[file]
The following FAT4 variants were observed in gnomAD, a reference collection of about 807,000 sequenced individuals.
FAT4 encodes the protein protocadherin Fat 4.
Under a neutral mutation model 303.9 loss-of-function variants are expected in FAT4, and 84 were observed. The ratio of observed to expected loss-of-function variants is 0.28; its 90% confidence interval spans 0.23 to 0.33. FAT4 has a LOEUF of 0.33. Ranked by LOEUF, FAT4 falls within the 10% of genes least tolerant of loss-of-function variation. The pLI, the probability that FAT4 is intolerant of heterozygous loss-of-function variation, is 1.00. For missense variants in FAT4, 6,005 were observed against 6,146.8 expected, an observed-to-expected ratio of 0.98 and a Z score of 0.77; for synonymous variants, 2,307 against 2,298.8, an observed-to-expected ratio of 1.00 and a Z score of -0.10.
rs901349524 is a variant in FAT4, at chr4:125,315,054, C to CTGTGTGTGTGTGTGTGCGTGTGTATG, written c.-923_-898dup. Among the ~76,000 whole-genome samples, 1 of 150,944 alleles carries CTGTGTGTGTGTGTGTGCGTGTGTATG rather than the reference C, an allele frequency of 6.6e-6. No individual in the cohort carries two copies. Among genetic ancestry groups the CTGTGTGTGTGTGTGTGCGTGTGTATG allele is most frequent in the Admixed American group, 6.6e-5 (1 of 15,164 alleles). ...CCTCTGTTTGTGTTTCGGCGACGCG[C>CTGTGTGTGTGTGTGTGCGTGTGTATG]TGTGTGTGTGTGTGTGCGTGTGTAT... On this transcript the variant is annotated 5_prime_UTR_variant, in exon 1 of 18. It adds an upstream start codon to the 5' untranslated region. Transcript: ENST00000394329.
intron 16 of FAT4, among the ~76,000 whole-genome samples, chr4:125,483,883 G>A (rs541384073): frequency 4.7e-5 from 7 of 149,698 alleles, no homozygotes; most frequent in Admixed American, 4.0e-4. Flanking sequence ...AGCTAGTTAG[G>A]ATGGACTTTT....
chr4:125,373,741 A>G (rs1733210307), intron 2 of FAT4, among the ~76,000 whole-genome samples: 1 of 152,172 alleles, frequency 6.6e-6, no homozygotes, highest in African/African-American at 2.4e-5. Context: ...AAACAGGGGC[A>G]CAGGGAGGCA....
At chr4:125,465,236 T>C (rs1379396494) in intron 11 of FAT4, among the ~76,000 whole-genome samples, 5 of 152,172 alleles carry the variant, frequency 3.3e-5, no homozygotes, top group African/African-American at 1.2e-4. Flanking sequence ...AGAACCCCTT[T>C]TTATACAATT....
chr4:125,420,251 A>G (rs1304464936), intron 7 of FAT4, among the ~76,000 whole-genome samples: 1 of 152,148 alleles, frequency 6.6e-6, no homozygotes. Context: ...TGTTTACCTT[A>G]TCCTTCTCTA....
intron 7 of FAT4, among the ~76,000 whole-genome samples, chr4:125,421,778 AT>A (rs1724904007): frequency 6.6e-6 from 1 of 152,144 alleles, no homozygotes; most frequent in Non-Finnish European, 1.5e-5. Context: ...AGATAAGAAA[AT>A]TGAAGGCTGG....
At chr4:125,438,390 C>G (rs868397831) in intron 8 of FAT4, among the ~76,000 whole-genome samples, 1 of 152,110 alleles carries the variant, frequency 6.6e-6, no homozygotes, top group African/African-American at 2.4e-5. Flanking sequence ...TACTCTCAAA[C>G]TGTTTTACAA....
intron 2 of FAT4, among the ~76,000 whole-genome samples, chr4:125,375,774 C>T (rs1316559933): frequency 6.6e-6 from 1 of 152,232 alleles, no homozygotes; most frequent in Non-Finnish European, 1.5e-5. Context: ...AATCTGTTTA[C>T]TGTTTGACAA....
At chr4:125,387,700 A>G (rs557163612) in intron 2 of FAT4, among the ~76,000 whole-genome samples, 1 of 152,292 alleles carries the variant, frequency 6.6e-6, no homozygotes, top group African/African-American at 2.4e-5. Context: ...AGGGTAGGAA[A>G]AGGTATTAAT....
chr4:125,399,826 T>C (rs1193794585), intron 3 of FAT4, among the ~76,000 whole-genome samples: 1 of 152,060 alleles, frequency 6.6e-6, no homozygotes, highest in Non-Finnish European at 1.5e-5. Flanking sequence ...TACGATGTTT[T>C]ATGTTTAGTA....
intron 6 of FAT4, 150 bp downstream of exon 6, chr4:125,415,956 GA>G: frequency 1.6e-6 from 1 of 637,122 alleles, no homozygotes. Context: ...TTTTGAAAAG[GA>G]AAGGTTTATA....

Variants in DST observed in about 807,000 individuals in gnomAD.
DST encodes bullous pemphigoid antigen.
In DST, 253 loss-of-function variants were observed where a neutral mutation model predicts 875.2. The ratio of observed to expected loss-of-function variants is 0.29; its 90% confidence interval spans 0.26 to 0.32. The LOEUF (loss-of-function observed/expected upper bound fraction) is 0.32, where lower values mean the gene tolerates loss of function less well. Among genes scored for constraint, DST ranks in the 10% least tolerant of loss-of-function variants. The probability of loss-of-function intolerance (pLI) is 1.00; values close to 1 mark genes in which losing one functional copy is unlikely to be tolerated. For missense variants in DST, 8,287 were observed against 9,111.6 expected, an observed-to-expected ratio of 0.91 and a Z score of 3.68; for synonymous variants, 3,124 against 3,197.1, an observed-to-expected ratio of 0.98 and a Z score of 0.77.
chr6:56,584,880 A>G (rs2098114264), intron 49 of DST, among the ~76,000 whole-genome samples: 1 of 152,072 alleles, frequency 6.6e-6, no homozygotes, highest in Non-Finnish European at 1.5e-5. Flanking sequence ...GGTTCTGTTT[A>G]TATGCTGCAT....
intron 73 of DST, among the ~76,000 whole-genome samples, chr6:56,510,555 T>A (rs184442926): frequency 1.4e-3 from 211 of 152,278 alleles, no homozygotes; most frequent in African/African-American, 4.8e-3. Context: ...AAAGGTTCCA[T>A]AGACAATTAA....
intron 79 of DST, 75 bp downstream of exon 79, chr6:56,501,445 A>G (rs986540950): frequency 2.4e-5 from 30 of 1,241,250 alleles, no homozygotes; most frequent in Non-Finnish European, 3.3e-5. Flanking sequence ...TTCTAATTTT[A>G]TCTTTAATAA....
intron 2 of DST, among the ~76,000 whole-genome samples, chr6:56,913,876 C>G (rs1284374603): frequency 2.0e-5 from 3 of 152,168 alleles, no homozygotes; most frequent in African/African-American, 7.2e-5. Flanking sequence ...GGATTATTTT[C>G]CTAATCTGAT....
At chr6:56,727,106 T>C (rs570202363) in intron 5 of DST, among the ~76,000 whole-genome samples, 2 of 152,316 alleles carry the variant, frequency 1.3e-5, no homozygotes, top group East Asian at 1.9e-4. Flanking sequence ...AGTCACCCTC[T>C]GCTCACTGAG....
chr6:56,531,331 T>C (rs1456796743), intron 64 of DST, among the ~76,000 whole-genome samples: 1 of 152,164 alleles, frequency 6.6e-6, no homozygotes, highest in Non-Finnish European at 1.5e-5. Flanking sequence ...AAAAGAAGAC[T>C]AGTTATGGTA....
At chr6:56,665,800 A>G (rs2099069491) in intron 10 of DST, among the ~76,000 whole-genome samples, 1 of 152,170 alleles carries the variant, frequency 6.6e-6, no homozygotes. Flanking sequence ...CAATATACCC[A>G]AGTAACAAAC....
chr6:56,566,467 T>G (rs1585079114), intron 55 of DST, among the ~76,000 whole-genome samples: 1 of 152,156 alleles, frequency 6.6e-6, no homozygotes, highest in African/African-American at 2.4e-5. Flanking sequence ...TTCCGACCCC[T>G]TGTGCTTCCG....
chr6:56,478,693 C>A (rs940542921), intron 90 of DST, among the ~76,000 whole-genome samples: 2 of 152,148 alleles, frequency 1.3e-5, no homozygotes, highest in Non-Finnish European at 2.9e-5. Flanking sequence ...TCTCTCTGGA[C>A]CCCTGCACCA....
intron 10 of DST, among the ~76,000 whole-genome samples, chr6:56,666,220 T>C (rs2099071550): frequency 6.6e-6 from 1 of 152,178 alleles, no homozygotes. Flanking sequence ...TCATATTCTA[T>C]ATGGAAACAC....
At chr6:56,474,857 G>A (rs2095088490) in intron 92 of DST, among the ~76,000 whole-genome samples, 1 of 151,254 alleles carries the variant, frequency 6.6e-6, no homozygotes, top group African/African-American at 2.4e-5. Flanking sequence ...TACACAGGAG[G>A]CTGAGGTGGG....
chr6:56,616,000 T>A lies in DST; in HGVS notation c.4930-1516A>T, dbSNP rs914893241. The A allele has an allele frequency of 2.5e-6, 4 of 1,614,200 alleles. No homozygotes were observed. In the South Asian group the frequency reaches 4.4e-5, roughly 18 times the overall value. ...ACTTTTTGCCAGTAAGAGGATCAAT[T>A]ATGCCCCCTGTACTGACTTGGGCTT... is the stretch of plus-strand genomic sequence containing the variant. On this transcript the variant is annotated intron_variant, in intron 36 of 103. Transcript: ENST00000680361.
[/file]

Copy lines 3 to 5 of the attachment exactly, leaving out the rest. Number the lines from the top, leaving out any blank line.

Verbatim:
Under a neutral mutation model 303.9 loss-of-function variants are expected in FAT4, and 84 were observed. The ratio of observed to expected loss-of-function variants is 0.28; its 90% confidence interval spans 0.23 to 0.33. FAT4 has a LOEUF of 0.33. Ranked by LOEUF, FAT4 falls within the 10% of genes least tolerant of loss-of-function variation. The pLI, the probability that FAT4 is intolerant of heterozygous loss-of-function variation, is 1.00. For missense variants in FAT4, 6,005 were observed against 6,146.8 expected, an observed-to-expected ratio of 0.98 and a Z score of 0.77; for synonymous variants, 2,307 against 2,298.8, an observed-to-expected ratio of 1.00 and a Z score of -0.10.
rs901349524 is a variant in FAT4, at chr4:125,315,054, C to CTGTGTGTGTGTGTGTGCGTGTGTATG, written c.-923_-898dup. Among the ~76,000 whole-genome samples, 1 of 150,944 alleles carries CTGTGTGTGTGTGTGTGCGTGTGTATG rather than the reference C, an allele frequency of 6.6e-6. No individual in the cohort carries two copies. Among genetic ancestry groups the CTGTGTGTGTGTGTGTGCGTGTGTATG allele is most frequent in the Admixed American group, 6.6e-5 (1 of 15,164 alleles). ...CCTCTGTTTGTGTTTCGGCGACGCG[C>CTGTGTGTGTGTGTGTGCGTGTGTATG]TGTGTGTGTGTGTGTGCGTGTGTAT... On this transcript the variant is annotated 5_prime_UTR_variant, in exon 1 of 18. It adds an upstream start codon to the 5' untranslated region. Transcript: ENST00000394329.
intron 16 of FAT4, among the ~76,000 whole-genome samples, chr4:125,483,883 G>A (rs541384073): frequency 4.7e-5 from 7 of 149,698 alleles, no homozygotes; most frequent in Admixed American, 4.0e-4. Flanking sequence ...AGCTAGTTAG[G>A]ATGGACTTTT....